She became the first woman and African-American woman to direct a Public Health Service bureau upon being named assistant surgeon general in charge of the Bureau of Primary Health Care. Previously, her work at the National Institutes of Health addressed the management of sickle-cell disease, resulting in significantly decreasing the mortality in afflicted young children.

Dr. Gaston has received top honors from the National Medical Association and American Medical Association, and UC created the Gaston Scholars program in her honor, wherein each year two underprivileged and minority first-year students receive full, four-year medical school scholarships.

Michael Graves

Michael Graves, DAAP '58, HonDoc '82, is one of America's most accomplished architects and designers. His UC experience provided a broad base for building a remarkable career, and he has carved a unique niche in the design world that reflects great diversity of thought.

First and foremost, Graves is internationally known for striking the balance between aesthetics and functionality in his postmodern architecture. He has created commercial and residential buildings and spaces throughout the U.S. and abroad, including the Swan and Dolphin Resort at Walt Disney World, Cincinnati's Riverbend Music Center and UC's own Engineering Research Center.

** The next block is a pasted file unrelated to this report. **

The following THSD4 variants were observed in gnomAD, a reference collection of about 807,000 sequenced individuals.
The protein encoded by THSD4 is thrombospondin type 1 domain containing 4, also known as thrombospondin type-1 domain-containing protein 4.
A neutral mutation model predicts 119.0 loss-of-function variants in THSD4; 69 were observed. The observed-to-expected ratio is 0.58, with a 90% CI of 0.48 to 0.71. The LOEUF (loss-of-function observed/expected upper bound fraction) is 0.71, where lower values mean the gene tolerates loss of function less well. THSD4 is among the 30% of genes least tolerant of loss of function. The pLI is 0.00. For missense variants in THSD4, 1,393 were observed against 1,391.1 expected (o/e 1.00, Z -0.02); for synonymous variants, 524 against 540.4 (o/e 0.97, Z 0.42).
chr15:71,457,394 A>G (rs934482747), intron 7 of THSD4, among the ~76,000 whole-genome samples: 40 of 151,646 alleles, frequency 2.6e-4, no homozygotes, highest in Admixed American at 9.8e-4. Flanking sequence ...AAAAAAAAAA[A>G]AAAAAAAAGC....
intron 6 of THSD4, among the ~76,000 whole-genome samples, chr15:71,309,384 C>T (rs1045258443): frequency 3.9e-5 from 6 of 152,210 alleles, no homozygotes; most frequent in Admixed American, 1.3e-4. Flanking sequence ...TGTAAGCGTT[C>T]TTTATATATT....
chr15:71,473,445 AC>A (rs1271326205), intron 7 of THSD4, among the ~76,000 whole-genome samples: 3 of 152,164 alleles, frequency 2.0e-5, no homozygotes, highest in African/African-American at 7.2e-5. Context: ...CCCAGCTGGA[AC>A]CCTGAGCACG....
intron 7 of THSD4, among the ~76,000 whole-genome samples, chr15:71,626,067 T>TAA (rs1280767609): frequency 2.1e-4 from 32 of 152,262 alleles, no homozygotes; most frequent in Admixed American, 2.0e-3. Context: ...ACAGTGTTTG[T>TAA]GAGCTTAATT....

He founded Michael Graves & Associates in 1964, with offices in New York and Princeton, N.J., and his work has earned him the highest honors from the American Institute of Architects. The Robert Schirmer Professor of Architecture Emeritus at Princeton University, Graves has complemented his architecture with interior design work, enabling his ideas to more fully integrate and resonate.